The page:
]; Pearlman v. Pearlman, 238 Ga. 259 (2) (232 SE2d 542) (1977)
and cits." Herring v. McLemore, 248 Ga. 808
, 809 (3) (286 SE2d 425
4. Lastly, defendants contend the trial court erred in sustaining plaintiff's objection to testimony relevant to their amended counterclaim regarding the "hang-up" telephone calls.
Defendants' amended counterclaim was for an alleged tort committed after defendants' original counterclaim was served upon plaintiff. "A claim which either matured or was acquired by the pleader after serving his pleading may, with the permission of the court, be presented as a counterclaim by supplemental pleading." OCGA 9-11-13
(e). "Permission of the court is a necessary prerequisite to the supplemental pleading of a counterclaim under Code Ann. 81A-113 (e) [now OCGA 9-11-13
(e)] and the decision to grant or deny the motion is totally within the trial court's discretion." Jenkins v. Martin, 142 Ga. App. 573
, 575 (236 SE2d 542
). In the case sub judice, defendants failed to obtain leave to file their "after-acquired" counterclaim. Consequently, the claim was not properly before the trial court and any ruling excluding evidence relating thereto was harmless. See 6 Wright & Miller, Fed. Practice & Procedure, 1428.
6. Plaintiff contends the trial court erred in refusing to allow it to present evidence relevant to its fraud claim.
"The court may require a jury to return only a special verdict in the form of a special written finding upon each issue of fact. In that event the court may submit to the jury written questions susceptible of categorical or other brief answer or may submit written forms of several special findings which might properly be made under the pleadings and evidence; or it may use such other method of submitting the issues and requiring the written findings thereon as it deems most appropriate. The court shall give to the jury such explanation and instruction concerning the matter thus submitted as may be necessary to enable the jury to make its findings upon each issue. If in so doing the court omits any issue of fact raised by the pleadings or by the evidence, each party waives his right to a trial by jury of the issues so omitted unless before the jury retires he demands its submission to the jury. As to an issue omitted without such demand, the court may make a finding; or, if it fails to do so, it shall be deemed to have made a finding in accordance with the judgment on the special verdict." OCGA 9-11-49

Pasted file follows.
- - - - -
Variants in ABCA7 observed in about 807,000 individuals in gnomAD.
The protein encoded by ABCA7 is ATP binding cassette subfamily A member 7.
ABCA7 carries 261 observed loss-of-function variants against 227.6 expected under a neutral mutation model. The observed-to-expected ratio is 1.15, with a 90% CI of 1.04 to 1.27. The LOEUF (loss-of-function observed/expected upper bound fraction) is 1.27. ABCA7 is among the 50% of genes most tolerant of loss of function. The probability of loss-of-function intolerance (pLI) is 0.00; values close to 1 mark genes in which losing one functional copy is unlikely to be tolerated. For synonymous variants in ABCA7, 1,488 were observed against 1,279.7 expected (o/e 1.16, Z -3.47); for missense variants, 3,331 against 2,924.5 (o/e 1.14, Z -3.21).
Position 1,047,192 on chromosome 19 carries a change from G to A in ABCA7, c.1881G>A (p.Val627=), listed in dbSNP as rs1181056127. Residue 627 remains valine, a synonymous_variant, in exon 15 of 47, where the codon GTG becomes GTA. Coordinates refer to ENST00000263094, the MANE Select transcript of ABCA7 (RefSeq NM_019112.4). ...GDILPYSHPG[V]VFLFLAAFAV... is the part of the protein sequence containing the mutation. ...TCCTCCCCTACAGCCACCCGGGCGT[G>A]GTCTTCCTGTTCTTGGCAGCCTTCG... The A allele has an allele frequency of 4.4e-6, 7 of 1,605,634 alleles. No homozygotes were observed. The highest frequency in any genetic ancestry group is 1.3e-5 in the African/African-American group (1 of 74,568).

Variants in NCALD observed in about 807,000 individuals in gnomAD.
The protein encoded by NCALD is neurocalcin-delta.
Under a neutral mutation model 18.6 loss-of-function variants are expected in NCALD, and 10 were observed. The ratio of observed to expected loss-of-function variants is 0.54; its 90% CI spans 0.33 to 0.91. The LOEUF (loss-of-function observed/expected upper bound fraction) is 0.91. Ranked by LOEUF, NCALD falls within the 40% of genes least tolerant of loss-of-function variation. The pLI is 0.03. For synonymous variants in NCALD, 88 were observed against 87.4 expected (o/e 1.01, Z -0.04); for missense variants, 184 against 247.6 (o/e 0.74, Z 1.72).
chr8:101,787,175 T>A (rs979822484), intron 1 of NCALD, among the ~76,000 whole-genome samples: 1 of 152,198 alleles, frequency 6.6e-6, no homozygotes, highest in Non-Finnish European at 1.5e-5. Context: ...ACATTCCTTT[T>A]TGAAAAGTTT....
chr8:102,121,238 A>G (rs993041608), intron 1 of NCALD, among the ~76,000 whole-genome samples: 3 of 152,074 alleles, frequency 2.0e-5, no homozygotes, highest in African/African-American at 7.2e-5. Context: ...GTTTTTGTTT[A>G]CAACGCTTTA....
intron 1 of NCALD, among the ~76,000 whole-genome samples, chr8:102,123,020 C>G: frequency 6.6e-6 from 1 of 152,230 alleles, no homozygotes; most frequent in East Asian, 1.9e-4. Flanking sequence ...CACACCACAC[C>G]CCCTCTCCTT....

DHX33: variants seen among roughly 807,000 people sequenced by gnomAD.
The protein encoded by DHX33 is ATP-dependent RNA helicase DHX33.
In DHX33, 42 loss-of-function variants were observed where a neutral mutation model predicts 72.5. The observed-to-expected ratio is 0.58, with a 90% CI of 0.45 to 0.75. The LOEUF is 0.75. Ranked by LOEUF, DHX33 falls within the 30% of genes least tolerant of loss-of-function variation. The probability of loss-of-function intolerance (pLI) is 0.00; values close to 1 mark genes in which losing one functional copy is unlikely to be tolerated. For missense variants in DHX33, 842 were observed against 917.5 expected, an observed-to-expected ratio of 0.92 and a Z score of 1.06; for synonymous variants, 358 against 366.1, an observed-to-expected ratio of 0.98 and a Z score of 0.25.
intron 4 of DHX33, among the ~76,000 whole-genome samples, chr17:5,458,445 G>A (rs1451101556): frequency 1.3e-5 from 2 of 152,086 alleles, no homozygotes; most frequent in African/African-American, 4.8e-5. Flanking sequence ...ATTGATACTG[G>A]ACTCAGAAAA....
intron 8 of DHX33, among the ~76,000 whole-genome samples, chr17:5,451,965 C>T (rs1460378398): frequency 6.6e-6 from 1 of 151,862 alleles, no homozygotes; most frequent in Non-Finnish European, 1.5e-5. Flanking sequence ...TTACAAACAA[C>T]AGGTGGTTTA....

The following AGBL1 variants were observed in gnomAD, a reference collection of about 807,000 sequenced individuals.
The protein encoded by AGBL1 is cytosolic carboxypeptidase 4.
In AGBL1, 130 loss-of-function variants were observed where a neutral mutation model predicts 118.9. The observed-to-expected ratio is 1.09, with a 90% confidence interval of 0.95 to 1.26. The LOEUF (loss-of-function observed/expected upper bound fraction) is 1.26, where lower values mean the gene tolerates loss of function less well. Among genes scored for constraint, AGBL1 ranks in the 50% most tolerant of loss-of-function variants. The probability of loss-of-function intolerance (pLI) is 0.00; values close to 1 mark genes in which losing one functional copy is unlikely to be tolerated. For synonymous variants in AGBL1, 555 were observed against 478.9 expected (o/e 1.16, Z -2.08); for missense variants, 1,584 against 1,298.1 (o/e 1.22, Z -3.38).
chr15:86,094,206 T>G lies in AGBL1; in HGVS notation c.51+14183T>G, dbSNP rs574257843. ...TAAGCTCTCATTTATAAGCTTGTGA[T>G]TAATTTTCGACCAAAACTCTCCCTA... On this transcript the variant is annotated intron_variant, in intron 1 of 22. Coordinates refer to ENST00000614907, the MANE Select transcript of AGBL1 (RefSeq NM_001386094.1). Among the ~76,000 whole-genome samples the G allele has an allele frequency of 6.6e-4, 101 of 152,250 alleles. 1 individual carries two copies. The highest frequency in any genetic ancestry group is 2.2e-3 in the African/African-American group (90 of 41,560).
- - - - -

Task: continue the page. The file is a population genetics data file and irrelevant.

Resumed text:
In the case sub judice, the trial court submitted a special verdict form to the jury requiring specific written findings upon various issues of fact. The special verdict form did not include a determination as to plaintiff's fraud claim and plaintiff raised no objection to the special verdict form. Consequently, any issue relating to plaintiff's fraud claim was deemed waived. See Frostgate Warehouses v. Cole, 244 Ga. 782 (262 SE2d 98)
. It therefore follows that any error relating to the omission of evidence relevant to plaintiff's fraud claim was harmless.
7. Other issues raised in plaintiff's cross-appeal are rendered moot by our holding in Division 6 of this opinion.
Clifford J. Steele, for appellee.